Plastic Surgery: Things to Know
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Plastic Surgery: Things to Know

How can you ensure safety and satisfaction with the procedure?

Checking the Stats

Check the surgeon's credentials. Many physicians today perform plastic and cosmetic surgery, including plastic surgeons, dermatologists, otolaryngologists, and ophthalmologists. One way to check a doctor's credentials is to ask if he or she is "board certified" by the American Board of Plastic Surgery (ABPS), a board recognized by the American Board of Medical Specialties (ABMS) to certify doctors in the specialty of plastic surgery. You can call ABPS at (215) 587-9322 or check your doctor's credentials online.


There is another board, the American Board of Cosmetic Surgery in Lansing, Illinois, which certifies cosmetic surgeons. They can be reached at 708-474-7200.


Checking certification credentials is only the first step a consumer should take before selecting a doctor. Research any doctor's qualifications thoroughly to determine his or her abilities to perform the specific procedure in which you are interested. Following are further steps you can take to ensure that the doctor is qualified.

Ask about a doctor's hospital privileges. Some procedures can be safely performed in a doctor's office or outpatient surgical facility. But it's important to find out if the doctor has operating privileges at an accredited hospital for the same procedure you are interested in. The reason: Hospitals only grant privileges to surgeons after a committee reviews their training and competency to perform certain procedures. If the doctor doesn't have these privileges, go elsewhere.

Is the surgical facility accredited? The surgical facility should either be accredited by a national or state-recognized accrediting organization, state licensed, or Medicare certified. Check with one of the following organizations:

American Association for Accreditation of Ambulatory Surgery Facilities (AAAASF) at 847-949-6058.


Accreditation Association for Ambulatory Health Care (AAAHC) at 847-853-6060.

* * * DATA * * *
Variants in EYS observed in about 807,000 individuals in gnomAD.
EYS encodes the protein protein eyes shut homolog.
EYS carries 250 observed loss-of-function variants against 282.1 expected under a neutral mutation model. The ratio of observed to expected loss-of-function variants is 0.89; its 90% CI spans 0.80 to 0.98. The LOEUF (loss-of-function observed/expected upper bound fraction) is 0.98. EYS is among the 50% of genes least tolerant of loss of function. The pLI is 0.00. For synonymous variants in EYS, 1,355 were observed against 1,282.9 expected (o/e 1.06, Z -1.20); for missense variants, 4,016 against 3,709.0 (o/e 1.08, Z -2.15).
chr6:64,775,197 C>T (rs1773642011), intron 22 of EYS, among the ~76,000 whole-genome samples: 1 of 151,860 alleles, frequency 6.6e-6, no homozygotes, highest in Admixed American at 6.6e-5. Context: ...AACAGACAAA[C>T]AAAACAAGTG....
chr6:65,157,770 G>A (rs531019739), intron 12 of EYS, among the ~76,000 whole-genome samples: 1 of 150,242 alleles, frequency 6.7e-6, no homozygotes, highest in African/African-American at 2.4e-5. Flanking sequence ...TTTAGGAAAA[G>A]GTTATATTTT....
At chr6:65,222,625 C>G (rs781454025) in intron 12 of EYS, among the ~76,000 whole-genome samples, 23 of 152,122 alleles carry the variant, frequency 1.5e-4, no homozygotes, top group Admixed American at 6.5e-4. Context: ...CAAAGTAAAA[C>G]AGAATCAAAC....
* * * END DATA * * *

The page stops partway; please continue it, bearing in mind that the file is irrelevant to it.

Joint Commission on Accreditation of Healthcare Organizations (JCAHO) at 630-792-5000.


* Check with individual states for licensing information.

Talking to Your Doctor

Interview the doctor. During your consultation, ask the following questions:

What experience does the doctor have in performing this procedure? How many has the doctor performed? How many has he or she done this year? Ask what training he or she has completed, particularly in new techniques. Ask to see certificates of training.

What are the possible risks? Every surgical procedure carries risks. Find out what they are, how often they occur, and how they would be handled if they do occur. If the doctor says the procedure is risk-free, get another opinion.

Are you a good candidate for the procedure? Make sure the doctor receives your full medical history and a record of the medications you take. Age and certain health conditions can be limiting factors.

What will the recovery be like? How long should the recovery period last? What activities are restricted? When should you be able to return to work or other activities?

How much will the surgery cost? Insurance companies typically do not cover the cost of cosmetic surgery. Payment is usually required in advance. Find out the total cost, including surgeon's fees, hospital charges, anesthesia, and any other fees associated with the surgery. Fees vary widely by physician, procedure, region, and surgical facility.

What is the doctor's policy on surgical revisions? Some cases require a second operation to achieve desired results. Find out about any costs for which you may be responsible.

Can you speak with other patients who have had the procedure? Don't be afraid to ask for referrals. Many patients are happy to share their experiences and will let the doctor know if they are willing to do so.

Can you see "before-and-after" photos of the doctor's patients?

Do you feel comfortable with your doctor? Talk frankly with your doctor about your expectations. A good doctor-patient relationship is one of the keys to your satisfaction. You and your doctor should agree on the desired goals and discuss what is realistic for you to expect. If your doctor pressures you into a procedure that you hadn't planned on or presents you with a shopping list of cosmetic procedures to choose from, it might be time to shop for another doctor.